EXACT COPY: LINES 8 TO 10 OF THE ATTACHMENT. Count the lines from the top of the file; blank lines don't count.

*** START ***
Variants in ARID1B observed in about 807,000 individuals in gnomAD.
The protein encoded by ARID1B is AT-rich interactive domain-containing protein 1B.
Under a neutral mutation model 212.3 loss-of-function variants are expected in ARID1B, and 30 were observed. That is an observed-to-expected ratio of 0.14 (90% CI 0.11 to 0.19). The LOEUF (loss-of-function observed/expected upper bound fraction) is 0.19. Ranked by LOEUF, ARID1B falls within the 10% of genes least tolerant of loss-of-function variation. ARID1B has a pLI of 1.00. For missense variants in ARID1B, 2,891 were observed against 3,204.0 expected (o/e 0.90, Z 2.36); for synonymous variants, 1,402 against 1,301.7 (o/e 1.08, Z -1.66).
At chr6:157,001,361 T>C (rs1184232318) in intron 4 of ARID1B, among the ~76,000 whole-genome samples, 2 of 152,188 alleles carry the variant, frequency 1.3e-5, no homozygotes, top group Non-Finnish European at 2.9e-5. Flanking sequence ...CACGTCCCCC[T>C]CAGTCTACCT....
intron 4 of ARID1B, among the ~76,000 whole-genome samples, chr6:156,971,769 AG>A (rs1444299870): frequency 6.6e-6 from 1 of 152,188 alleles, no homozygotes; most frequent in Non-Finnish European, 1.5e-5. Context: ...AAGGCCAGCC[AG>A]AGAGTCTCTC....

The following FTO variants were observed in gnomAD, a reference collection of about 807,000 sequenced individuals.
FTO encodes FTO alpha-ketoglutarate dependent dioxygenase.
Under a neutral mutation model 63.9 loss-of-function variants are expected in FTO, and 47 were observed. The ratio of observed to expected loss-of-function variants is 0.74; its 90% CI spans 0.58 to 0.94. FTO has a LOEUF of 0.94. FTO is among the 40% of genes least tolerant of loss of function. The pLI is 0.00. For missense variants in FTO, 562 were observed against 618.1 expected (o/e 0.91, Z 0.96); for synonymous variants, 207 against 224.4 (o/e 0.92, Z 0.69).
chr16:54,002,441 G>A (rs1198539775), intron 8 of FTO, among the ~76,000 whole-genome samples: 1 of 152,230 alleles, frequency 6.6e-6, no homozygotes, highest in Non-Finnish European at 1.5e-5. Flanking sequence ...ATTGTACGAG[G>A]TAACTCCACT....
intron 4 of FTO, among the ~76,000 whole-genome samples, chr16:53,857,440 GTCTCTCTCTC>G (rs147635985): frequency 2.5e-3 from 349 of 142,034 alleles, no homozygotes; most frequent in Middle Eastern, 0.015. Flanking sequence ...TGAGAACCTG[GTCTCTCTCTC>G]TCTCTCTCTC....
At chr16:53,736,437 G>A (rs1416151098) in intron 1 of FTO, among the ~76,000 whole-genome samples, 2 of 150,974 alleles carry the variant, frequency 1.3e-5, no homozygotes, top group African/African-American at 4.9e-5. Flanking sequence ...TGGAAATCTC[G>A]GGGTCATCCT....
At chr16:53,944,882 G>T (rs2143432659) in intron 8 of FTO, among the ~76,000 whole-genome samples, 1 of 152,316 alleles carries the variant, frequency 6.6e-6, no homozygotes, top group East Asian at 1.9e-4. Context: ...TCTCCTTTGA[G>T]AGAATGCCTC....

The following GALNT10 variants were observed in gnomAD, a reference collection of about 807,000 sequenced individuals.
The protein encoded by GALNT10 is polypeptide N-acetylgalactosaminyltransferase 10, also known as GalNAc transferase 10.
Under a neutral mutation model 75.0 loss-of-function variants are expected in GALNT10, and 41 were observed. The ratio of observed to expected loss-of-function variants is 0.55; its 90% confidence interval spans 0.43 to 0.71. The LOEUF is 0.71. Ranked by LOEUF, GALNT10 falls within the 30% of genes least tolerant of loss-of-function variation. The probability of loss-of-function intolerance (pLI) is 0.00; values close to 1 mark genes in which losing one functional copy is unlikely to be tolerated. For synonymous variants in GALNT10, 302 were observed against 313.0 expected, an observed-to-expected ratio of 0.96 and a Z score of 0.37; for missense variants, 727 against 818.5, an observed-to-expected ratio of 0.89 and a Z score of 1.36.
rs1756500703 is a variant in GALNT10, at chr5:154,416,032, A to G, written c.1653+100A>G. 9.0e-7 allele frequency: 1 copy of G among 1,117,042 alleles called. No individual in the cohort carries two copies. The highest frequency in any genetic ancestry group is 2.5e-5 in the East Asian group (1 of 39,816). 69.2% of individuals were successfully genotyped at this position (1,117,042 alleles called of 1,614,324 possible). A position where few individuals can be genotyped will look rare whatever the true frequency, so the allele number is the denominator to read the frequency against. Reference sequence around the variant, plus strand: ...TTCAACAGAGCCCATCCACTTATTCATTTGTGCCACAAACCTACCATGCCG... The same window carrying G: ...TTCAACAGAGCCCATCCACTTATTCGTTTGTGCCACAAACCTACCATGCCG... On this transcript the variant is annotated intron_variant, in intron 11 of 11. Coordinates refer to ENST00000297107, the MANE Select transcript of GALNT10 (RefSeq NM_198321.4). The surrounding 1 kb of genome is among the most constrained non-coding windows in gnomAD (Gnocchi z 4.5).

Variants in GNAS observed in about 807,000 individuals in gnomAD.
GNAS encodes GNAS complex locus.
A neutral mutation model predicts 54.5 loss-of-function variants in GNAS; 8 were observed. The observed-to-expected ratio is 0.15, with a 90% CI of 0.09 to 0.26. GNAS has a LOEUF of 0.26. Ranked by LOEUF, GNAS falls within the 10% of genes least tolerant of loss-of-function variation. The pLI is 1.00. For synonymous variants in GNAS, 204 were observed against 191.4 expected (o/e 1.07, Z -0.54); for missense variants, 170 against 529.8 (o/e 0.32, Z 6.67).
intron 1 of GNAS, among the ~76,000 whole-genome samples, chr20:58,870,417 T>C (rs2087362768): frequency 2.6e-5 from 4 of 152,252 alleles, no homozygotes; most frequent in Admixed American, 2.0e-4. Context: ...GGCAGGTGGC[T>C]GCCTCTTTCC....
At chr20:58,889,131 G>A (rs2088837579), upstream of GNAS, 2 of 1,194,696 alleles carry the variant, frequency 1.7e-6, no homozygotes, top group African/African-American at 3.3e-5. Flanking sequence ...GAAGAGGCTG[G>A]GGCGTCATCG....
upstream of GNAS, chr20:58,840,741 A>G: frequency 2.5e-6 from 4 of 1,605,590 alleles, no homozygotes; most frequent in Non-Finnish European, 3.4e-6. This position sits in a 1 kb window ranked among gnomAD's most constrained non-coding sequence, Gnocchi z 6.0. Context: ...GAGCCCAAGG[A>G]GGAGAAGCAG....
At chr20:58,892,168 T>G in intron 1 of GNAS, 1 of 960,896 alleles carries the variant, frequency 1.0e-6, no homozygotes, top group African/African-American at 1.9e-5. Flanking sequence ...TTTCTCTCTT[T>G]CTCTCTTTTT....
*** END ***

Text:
Under a neutral mutation model 63.9 loss-of-function variants are expected in FTO, and 47 were observed. The ratio of observed to expected loss-of-function variants is 0.74; its 90% CI spans 0.58 to 0.94. FTO has a LOEUF of 0.94. FTO is among the 40% of genes least tolerant of loss of function. The pLI is 0.00. For missense variants in FTO, 562 were observed against 618.1 expected (o/e 0.91, Z 0.96); for synonymous variants, 207 against 224.4 (o/e 0.92, Z 0.69).
chr16:54,002,441 G>A (rs1198539775), intron 8 of FTO, among the ~76,000 whole-genome samples: 1 of 152,230 alleles, frequency 6.6e-6, no homozygotes, highest in Non-Finnish European at 1.5e-5. Flanking sequence ...ATTGTACGAG[G>A]TAACTCCACT....
intron 4 of FTO, among the ~76,000 whole-genome samples, chr16:53,857,440 GTCTCTCTCTC>G (rs147635985): frequency 2.5e-3 from 349 of 142,034 alleles, no homozygotes; most frequent in Middle Eastern, 0.015. Flanking sequence ...TGAGAACCTG[GTCTCTCTCTC>G]TCTCTCTCTC....